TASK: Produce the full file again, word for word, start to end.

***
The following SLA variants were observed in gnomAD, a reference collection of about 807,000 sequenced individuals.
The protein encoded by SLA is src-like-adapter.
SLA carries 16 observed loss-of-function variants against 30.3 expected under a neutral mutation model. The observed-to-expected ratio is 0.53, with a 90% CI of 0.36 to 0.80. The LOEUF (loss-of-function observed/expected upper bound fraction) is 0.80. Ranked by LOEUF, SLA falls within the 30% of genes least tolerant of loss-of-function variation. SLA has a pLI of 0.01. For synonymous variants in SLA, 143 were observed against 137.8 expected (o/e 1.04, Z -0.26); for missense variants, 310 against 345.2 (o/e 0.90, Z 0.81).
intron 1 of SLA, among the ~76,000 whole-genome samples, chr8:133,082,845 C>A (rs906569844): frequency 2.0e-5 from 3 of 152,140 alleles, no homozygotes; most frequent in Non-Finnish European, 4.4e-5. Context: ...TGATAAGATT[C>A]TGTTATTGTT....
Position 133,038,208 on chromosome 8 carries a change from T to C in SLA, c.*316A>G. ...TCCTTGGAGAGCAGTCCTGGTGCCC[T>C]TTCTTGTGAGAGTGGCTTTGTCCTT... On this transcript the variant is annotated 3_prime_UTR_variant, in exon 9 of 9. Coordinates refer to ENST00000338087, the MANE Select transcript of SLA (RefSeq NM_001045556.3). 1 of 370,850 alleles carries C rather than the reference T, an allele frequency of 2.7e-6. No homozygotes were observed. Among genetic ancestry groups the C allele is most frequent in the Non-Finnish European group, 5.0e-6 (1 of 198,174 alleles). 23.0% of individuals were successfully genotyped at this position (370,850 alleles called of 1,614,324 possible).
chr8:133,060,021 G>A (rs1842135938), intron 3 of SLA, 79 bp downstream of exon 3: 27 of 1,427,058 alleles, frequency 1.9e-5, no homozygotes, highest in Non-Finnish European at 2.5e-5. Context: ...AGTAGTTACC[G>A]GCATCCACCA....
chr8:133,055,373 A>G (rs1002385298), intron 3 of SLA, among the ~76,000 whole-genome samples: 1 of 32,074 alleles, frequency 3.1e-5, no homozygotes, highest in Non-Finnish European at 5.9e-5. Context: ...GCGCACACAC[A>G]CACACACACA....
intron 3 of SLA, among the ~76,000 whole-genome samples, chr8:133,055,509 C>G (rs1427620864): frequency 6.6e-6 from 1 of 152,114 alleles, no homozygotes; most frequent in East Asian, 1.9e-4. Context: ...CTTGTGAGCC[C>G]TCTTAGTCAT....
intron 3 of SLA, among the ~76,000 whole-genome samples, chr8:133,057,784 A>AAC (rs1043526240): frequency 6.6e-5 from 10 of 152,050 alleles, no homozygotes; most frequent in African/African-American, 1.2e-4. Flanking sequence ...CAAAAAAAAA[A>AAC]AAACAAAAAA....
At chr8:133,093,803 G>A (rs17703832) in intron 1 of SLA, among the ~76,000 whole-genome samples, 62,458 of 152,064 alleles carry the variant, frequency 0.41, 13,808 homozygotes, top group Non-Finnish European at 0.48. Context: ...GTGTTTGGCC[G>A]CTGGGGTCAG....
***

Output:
The following SLA variants were observed in gnomAD, a reference collection of about 807,000 sequenced individuals.
The protein encoded by SLA is src-like-adapter.
SLA carries 16 observed loss-of-function variants against 30.3 expected under a neutral mutation model. The observed-to-expected ratio is 0.53, with a 90% CI of 0.36 to 0.80. The LOEUF (loss-of-function observed/expected upper bound fraction) is 0.80. Ranked by LOEUF, SLA falls within the 30% of genes least tolerant of loss-of-function variation. SLA has a pLI of 0.01. For synonymous variants in SLA, 143 were observed against 137.8 expected (o/e 1.04, Z -0.26); for missense variants, 310 against 345.2 (o/e 0.90, Z 0.81).
intron 1 of SLA, among the ~76,000 whole-genome samples, chr8:133,082,845 C>A (rs906569844): frequency 2.0e-5 from 3 of 152,140 alleles, no homozygotes; most frequent in Non-Finnish European, 4.4e-5. Context: ...TGATAAGATT[C>A]TGTTATTGTT....
Position 133,038,208 on chromosome 8 carries a change from T to C in SLA, c.*316A>G. ...TCCTTGGAGAGCAGTCCTGGTGCCC[T>C]TTCTTGTGAGAGTGGCTTTGTCCTT... On this transcript the variant is annotated 3_prime_UTR_variant, in exon 9 of 9. Coordinates refer to ENST00000338087, the MANE Select transcript of SLA (RefSeq NM_001045556.3). 1 of 370,850 alleles carries C rather than the reference T, an allele frequency of 2.7e-6. No homozygotes were observed. Among genetic ancestry groups the C allele is most frequent in the Non-Finnish European group, 5.0e-6 (1 of 198,174 alleles). 23.0% of individuals were successfully genotyped at this position (370,850 alleles called of 1,614,324 possible).
chr8:133,060,021 G>A (rs1842135938), intron 3 of SLA, 79 bp downstream of exon 3: 27 of 1,427,058 alleles, frequency 1.9e-5, no homozygotes, highest in Non-Finnish European at 2.5e-5. Context: ...AGTAGTTACC[G>A]GCATCCACCA....
chr8:133,055,373 A>G (rs1002385298), intron 3 of SLA, among the ~76,000 whole-genome samples: 1 of 32,074 alleles, frequency 3.1e-5, no homozygotes, highest in Non-Finnish European at 5.9e-5. Context: ...GCGCACACAC[A>G]CACACACACA....
intron 3 of SLA, among the ~76,000 whole-genome samples, chr8:133,055,509 C>G (rs1427620864): frequency 6.6e-6 from 1 of 152,114 alleles, no homozygotes; most frequent in East Asian, 1.9e-4. Context: ...CTTGTGAGCC[C>G]TCTTAGTCAT....
intron 3 of SLA, among the ~76,000 whole-genome samples, chr8:133,057,784 A>AAC (rs1043526240): frequency 6.6e-5 from 10 of 152,050 alleles, no homozygotes; most frequent in African/African-American, 1.2e-4. Flanking sequence ...CAAAAAAAAA[A>AAC]AAACAAAAAA....
At chr8:133,093,803 G>A (rs17703832) in intron 1 of SLA, among the ~76,000 whole-genome samples, 62,458 of 152,064 alleles carry the variant, frequency 0.41, 13,808 homozygotes, top group Non-Finnish European at 0.48. Context: ...GTGTTTGGCC[G>A]CTGGGGTCAG....